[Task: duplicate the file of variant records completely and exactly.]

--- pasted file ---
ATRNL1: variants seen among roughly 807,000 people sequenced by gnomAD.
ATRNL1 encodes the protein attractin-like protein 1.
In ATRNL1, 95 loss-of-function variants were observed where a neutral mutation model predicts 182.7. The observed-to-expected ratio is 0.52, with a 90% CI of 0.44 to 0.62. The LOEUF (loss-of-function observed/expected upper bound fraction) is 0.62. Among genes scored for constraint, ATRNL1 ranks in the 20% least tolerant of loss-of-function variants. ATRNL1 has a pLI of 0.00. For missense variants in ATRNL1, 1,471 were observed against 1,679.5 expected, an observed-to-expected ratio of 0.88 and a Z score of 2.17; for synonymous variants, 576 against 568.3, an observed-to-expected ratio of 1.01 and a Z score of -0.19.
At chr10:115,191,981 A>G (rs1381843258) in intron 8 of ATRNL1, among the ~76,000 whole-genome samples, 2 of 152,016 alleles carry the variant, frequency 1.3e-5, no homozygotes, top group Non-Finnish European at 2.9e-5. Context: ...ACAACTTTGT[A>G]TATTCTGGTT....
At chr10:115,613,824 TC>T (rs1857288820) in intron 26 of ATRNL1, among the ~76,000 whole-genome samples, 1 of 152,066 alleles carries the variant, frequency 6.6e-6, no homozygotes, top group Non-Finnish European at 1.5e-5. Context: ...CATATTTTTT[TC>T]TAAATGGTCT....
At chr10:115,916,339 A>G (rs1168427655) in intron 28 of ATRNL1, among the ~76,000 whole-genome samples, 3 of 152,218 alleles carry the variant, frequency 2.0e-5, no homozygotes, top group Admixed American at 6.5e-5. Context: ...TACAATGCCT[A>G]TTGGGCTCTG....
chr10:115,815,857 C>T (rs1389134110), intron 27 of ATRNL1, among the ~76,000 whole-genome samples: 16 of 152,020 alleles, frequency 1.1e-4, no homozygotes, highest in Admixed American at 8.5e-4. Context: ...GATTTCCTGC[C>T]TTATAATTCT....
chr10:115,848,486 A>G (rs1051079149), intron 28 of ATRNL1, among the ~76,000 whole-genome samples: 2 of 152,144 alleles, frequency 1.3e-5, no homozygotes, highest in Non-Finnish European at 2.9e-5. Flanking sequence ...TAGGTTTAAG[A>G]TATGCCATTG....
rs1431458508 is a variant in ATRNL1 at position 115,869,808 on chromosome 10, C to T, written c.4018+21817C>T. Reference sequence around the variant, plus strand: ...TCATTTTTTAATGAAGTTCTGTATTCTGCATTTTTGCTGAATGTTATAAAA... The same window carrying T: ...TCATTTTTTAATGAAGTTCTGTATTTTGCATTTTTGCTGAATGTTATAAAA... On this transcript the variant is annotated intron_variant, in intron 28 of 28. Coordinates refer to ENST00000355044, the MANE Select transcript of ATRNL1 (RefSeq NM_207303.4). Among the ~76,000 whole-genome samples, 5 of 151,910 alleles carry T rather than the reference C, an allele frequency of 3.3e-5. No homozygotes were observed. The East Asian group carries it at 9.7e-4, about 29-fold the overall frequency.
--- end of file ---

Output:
ATRNL1: variants seen among roughly 807,000 people sequenced by gnomAD.
ATRNL1 encodes the protein attractin-like protein 1.
In ATRNL1, 95 loss-of-function variants were observed where a neutral mutation model predicts 182.7. The observed-to-expected ratio is 0.52, with a 90% CI of 0.44 to 0.62. The LOEUF (loss-of-function observed/expected upper bound fraction) is 0.62. Among genes scored for constraint, ATRNL1 ranks in the 20% least tolerant of loss-of-function variants. ATRNL1 has a pLI of 0.00. For missense variants in ATRNL1, 1,471 were observed against 1,679.5 expected, an observed-to-expected ratio of 0.88 and a Z score of 2.17; for synonymous variants, 576 against 568.3, an observed-to-expected ratio of 1.01 and a Z score of -0.19.
At chr10:115,191,981 A>G (rs1381843258) in intron 8 of ATRNL1, among the ~76,000 whole-genome samples, 2 of 152,016 alleles carry the variant, frequency 1.3e-5, no homozygotes, top group Non-Finnish European at 2.9e-5. Context: ...ACAACTTTGT[A>G]TATTCTGGTT....
At chr10:115,613,824 TC>T (rs1857288820) in intron 26 of ATRNL1, among the ~76,000 whole-genome samples, 1 of 152,066 alleles carries the variant, frequency 6.6e-6, no homozygotes, top group Non-Finnish European at 1.5e-5. Context: ...CATATTTTTT[TC>T]TAAATGGTCT....
At chr10:115,916,339 A>G (rs1168427655) in intron 28 of ATRNL1, among the ~76,000 whole-genome samples, 3 of 152,218 alleles carry the variant, frequency 2.0e-5, no homozygotes, top group Admixed American at 6.5e-5. Context: ...TACAATGCCT[A>G]TTGGGCTCTG....
chr10:115,815,857 C>T (rs1389134110), intron 27 of ATRNL1, among the ~76,000 whole-genome samples: 16 of 152,020 alleles, frequency 1.1e-4, no homozygotes, highest in Admixed American at 8.5e-4. Context: ...GATTTCCTGC[C>T]TTATAATTCT....
chr10:115,848,486 A>G (rs1051079149), intron 28 of ATRNL1, among the ~76,000 whole-genome samples: 2 of 152,144 alleles, frequency 1.3e-5, no homozygotes, highest in Non-Finnish European at 2.9e-5. Flanking sequence ...TAGGTTTAAG[A>G]TATGCCATTG....
rs1431458508 is a variant in ATRNL1 at position 115,869,808 on chromosome 10, C to T, written c.4018+21817C>T. Reference sequence around the variant, plus strand: ...TCATTTTTTAATGAAGTTCTGTATTCTGCATTTTTGCTGAATGTTATAAAA... The same window carrying T: ...TCATTTTTTAATGAAGTTCTGTATTTTGCATTTTTGCTGAATGTTATAAAA... On this transcript the variant is annotated intron_variant, in intron 28 of 28. Coordinates refer to ENST00000355044, the MANE Select transcript of ATRNL1 (RefSeq NM_207303.4). Among the ~76,000 whole-genome samples, 5 of 151,910 alleles carry T rather than the reference C, an allele frequency of 3.3e-5. No homozygotes were observed. The East Asian group carries it at 9.7e-4, about 29-fold the overall frequency.